9. Anticolonialism, Antifascism, and Imperial History

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9. Anticolonialism, Antifascism, and Imperial History

 Antifascist demonstrators in London, October 1935. Photo: National Media Museum/SSPL

Antifascist demonstrators in London, October 1935. Photo: National Media Museum/SSPL.

John Munro
Saint Mary’s University[1]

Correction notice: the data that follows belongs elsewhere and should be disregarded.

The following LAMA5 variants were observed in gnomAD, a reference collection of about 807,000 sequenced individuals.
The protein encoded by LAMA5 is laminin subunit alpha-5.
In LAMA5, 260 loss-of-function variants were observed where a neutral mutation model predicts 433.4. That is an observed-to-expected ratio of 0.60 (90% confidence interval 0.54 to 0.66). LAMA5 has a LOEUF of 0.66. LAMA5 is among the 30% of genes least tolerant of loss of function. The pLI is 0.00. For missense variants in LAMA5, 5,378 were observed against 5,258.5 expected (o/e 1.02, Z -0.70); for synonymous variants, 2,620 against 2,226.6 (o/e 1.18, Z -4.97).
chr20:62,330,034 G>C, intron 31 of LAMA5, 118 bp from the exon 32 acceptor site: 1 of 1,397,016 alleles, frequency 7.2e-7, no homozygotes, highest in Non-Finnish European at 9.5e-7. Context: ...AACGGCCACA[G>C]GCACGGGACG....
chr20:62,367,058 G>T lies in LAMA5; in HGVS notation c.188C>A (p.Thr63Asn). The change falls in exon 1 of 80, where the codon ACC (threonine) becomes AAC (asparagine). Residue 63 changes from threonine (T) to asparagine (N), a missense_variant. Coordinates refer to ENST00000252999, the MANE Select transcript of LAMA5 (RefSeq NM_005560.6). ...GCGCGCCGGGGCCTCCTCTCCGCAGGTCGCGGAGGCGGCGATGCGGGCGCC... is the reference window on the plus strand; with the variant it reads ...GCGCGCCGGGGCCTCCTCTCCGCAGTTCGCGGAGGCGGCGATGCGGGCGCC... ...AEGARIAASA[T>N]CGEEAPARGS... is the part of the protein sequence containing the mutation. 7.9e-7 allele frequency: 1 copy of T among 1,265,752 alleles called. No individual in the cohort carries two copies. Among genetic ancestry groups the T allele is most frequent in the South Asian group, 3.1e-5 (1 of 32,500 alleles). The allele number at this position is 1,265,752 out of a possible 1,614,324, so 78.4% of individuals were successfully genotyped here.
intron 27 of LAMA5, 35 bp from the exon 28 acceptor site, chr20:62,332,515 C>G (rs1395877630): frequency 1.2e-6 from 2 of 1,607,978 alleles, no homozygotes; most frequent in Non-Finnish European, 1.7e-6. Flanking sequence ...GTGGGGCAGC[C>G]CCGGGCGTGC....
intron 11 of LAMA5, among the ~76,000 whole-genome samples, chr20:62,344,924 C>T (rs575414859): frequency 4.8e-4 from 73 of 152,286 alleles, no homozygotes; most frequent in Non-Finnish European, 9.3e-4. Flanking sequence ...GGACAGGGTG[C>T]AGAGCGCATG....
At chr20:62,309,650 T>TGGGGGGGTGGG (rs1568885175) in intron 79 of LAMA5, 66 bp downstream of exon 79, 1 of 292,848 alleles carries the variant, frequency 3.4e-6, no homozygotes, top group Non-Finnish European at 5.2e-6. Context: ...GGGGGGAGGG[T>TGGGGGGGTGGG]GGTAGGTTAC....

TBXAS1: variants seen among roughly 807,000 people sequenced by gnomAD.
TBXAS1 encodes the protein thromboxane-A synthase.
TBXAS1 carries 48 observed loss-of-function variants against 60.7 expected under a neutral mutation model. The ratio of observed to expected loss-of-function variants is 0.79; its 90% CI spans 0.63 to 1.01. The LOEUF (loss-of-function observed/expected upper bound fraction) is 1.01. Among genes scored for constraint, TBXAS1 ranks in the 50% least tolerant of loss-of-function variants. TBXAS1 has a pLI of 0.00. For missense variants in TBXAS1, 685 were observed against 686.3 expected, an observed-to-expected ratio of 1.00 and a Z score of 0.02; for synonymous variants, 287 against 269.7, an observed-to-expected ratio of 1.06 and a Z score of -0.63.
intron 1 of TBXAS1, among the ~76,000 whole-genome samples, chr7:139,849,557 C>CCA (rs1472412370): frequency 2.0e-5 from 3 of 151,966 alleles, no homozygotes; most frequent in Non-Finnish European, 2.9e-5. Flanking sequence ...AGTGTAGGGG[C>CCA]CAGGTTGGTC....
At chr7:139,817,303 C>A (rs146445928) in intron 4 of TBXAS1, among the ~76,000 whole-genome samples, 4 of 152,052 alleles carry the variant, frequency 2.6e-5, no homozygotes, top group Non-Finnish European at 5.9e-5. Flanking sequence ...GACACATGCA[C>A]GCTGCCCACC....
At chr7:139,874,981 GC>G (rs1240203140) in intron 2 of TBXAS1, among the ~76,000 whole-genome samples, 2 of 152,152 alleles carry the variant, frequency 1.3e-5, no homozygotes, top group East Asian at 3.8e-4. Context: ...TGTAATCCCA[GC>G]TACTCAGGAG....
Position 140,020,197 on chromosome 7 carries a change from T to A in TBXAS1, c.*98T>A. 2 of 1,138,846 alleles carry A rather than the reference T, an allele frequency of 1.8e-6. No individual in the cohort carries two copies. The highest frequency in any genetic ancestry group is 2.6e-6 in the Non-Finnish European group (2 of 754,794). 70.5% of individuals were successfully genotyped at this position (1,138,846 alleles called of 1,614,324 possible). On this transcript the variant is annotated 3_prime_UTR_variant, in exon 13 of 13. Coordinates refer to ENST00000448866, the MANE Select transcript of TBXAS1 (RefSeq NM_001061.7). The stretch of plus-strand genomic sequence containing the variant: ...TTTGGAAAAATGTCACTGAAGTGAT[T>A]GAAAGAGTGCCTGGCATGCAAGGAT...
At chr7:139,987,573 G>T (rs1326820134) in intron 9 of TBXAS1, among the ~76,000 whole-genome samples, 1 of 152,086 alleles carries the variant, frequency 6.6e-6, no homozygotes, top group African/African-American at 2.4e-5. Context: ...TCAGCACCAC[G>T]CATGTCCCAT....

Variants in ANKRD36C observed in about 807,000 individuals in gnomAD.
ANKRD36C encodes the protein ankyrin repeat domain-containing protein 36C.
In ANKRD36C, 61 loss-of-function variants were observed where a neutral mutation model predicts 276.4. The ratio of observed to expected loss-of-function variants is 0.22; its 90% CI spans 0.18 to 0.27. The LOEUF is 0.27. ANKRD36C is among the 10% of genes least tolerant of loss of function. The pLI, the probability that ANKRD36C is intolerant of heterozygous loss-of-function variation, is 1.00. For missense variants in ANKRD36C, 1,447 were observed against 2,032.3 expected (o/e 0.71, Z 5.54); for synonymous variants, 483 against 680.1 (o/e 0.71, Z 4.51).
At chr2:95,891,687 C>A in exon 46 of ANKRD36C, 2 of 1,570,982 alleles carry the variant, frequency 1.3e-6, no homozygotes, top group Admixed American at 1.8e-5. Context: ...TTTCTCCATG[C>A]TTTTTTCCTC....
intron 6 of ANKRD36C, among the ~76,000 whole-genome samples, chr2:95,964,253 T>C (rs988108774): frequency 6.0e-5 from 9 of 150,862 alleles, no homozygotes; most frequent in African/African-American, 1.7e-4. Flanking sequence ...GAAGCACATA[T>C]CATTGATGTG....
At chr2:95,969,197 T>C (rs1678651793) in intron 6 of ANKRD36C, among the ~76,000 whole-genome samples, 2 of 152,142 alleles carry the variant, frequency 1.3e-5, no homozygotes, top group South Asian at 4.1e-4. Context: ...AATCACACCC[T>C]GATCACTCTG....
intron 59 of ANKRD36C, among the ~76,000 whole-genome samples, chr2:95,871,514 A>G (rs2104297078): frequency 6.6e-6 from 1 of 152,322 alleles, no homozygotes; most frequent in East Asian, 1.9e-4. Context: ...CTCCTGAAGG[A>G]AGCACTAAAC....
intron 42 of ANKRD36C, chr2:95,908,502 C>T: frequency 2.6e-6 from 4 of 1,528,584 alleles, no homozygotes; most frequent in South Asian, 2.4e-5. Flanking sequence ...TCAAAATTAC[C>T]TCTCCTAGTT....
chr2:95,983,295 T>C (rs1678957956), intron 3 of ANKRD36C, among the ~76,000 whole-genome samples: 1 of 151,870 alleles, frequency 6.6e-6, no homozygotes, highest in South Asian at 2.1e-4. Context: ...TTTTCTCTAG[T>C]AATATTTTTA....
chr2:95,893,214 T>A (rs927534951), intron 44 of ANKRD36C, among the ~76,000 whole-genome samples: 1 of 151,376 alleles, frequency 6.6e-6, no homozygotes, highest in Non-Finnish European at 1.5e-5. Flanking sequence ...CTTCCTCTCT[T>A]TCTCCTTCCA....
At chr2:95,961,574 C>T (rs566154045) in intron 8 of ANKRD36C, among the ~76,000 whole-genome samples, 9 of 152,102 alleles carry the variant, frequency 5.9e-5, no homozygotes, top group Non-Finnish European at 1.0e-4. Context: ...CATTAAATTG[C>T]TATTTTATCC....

There’s a lot to be said for emphasizing the structuring role of colonialism and anticolonialism across the twentieth century. To contextualize the world wars, the Cold War, and contemporary global capitalism as embedded in a larger set of imperial continuities is to offer an indispensable corrective to the overemphasis of 1945 as epistemic break; the embellishment of US history as an empire-free zone; or the exaggeration of the distance between imperialism and free trade. Fredrik Petersson’s astute Versailles-to-Bandung emplotment of transnational anticolonial activism is thus a very compelling one, especially when read alongside several concurring periodizations.[2]But how we might conceive of antifascism in this empire-centered genealogy requires further attention. Whether antifascism was itself an anticolonialism, in other words, matters much for how we make sense of the twentieth century. [continue reading]

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